Saturday, July 11, 2009
United Breaks Guitars - UA's PR Gaff
You can run but you cannot hide when it comes to PR blunders. This week, United certainly received a tough lesson in customer relations and how not to manage a PR crisis. All brand managers take note - social media can be your friend, or in this case, your worst nightmare.
In the spring of 2008, Canadian singer songwriter Dave Carroll was traveling with his band Sons of Maxwell to Nebraska for a one-week tour and witnessed his Taylor guitar being thrown by United Airlines baggage handlers in Chicago. He later discovered that the $3500 guitar was severely damaged. While United didn’t deny the experience occurred, United employees kept passing the buck from person to person, refusing to deal with his issue. After nine months, United finally said they would do nothing to compensate Dave for his loss.
Frustrated, Dave decided to go viral with his complaint in the best way he knew how - he wrote a song and produced a video which he launched on YouTube. The story was picked up by CNN and other news channels and within days Dave became a hero; an overnight sensation. United responded to the video by agreeing to reimburse Dave, but the damage to their reputation was already done. As I write, over 2 million people have played Dave's video and it has prompted a viral outpouring of empathy.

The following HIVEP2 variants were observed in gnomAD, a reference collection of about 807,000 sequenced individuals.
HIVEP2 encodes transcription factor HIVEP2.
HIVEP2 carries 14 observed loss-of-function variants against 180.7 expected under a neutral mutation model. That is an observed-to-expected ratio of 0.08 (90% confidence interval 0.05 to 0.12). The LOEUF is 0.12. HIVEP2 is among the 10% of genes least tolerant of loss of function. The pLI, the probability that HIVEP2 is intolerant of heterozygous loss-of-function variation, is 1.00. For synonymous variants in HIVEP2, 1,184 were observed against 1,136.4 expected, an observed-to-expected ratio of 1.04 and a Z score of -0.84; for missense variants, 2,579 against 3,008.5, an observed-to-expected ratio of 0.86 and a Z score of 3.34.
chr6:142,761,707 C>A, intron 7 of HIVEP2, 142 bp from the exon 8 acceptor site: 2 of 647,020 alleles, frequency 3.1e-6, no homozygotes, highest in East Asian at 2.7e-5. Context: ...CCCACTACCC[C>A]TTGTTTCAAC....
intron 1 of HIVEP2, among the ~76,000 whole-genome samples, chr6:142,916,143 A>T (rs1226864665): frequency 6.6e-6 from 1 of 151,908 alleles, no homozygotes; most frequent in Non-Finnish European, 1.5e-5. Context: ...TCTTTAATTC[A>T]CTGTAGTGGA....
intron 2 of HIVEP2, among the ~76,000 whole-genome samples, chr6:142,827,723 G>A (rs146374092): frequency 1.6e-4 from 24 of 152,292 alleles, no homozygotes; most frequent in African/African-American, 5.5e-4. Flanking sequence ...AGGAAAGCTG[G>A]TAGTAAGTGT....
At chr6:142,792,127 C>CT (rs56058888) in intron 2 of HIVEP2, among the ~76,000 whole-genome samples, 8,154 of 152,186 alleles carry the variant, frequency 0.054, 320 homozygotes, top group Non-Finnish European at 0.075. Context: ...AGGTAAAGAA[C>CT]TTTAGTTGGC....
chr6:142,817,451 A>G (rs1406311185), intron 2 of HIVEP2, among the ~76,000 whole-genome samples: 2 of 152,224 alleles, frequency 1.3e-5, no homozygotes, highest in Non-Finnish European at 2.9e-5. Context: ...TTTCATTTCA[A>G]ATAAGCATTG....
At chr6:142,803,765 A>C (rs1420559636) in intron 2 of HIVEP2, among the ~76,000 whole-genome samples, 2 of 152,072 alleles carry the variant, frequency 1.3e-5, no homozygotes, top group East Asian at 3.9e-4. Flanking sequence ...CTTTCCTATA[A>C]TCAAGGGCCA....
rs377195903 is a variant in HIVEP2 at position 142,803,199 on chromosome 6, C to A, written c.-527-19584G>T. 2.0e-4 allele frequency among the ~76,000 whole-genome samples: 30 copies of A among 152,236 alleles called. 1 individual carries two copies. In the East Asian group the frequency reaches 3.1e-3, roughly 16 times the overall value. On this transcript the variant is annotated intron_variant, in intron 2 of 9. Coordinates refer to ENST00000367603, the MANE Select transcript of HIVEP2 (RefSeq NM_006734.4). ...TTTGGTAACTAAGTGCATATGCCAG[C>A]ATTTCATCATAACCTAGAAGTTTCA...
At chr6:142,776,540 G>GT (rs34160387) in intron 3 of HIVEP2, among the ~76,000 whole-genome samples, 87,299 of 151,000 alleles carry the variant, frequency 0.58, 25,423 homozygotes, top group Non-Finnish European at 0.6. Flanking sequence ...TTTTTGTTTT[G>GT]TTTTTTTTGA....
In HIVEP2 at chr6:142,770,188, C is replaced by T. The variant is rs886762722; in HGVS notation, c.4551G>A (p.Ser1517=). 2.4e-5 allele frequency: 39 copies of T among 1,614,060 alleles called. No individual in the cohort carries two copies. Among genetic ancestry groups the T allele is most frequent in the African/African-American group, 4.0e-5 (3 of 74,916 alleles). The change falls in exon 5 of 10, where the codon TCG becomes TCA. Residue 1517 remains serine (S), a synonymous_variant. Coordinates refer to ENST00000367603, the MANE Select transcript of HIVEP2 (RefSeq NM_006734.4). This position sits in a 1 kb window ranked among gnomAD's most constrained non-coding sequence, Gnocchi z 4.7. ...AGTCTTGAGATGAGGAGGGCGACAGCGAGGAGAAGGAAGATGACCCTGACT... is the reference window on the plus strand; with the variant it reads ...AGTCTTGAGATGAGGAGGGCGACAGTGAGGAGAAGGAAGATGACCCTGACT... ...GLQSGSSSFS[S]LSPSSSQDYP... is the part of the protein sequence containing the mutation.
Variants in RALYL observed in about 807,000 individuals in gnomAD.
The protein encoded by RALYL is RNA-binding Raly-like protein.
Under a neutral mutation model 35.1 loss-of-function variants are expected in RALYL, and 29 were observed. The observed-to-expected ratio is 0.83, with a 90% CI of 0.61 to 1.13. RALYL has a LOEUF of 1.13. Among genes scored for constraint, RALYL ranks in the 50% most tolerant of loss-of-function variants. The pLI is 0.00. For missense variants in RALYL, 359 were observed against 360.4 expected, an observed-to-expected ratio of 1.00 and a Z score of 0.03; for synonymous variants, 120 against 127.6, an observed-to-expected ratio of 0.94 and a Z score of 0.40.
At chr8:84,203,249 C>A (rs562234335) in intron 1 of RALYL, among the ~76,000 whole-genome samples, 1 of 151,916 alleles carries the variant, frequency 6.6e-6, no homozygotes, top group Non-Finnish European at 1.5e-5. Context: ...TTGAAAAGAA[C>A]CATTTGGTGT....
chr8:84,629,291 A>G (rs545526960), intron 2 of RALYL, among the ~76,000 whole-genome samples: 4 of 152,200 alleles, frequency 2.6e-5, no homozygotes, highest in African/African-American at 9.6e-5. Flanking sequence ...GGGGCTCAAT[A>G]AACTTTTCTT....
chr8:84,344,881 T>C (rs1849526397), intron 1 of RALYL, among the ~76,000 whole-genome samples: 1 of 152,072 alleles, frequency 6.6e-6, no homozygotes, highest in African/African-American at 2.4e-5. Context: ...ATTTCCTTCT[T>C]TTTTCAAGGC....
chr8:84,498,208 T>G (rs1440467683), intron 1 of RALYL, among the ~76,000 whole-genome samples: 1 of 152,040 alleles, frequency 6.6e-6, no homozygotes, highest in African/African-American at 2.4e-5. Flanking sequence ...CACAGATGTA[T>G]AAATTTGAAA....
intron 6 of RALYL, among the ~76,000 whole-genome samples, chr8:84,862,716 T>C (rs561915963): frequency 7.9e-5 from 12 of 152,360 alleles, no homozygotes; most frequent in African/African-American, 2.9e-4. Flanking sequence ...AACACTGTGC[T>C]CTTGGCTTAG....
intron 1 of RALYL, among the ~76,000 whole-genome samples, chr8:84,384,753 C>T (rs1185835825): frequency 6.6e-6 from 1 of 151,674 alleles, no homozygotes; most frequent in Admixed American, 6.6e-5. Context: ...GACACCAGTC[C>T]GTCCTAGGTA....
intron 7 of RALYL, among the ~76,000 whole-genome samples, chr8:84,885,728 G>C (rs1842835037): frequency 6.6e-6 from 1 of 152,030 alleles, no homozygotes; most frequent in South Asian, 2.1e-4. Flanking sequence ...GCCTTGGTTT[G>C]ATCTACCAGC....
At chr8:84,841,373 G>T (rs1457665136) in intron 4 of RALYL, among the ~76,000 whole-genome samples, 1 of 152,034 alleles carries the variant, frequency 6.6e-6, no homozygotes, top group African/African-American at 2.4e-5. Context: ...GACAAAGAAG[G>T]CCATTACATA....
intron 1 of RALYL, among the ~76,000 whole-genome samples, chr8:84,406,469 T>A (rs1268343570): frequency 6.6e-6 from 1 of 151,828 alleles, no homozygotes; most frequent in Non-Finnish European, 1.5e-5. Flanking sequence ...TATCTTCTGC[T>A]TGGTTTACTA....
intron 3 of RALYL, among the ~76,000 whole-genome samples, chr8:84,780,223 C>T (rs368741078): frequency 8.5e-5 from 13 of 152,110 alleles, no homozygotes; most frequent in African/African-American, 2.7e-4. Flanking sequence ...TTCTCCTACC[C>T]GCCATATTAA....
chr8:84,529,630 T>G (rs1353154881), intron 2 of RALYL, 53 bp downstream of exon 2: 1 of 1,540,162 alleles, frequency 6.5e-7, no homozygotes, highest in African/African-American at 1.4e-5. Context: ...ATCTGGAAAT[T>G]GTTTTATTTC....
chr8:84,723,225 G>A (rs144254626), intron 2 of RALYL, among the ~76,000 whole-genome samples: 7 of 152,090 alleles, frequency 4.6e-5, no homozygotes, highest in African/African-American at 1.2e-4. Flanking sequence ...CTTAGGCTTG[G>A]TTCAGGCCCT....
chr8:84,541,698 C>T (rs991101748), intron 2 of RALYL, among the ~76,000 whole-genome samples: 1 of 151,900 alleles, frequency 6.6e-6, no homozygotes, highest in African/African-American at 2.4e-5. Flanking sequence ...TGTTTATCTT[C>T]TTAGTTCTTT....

This is another great case study to add to the annals of social media and brand crisis management (along with Motrin and Dominos), where companies learn the hard lesson in today's digital world, that every customer's voice counts and that the tenor of that voice can be echoed a million times in a matter of days. But the real issue for United goes much deeper. You've got to believe that there is an aspect of the culture at the airline that enabled this crisis - a culture where employees are limited by rulebooks rather than empowered to do what's right for the customer. In brand building every consumer touch-point counts, and as we've seen in so many other companies whether they be Southwest, Starbucks or Zappos, employees at every level can make or break a brand experience.
Maybe this crisis will make United start to think a little differently about managing the brand experience.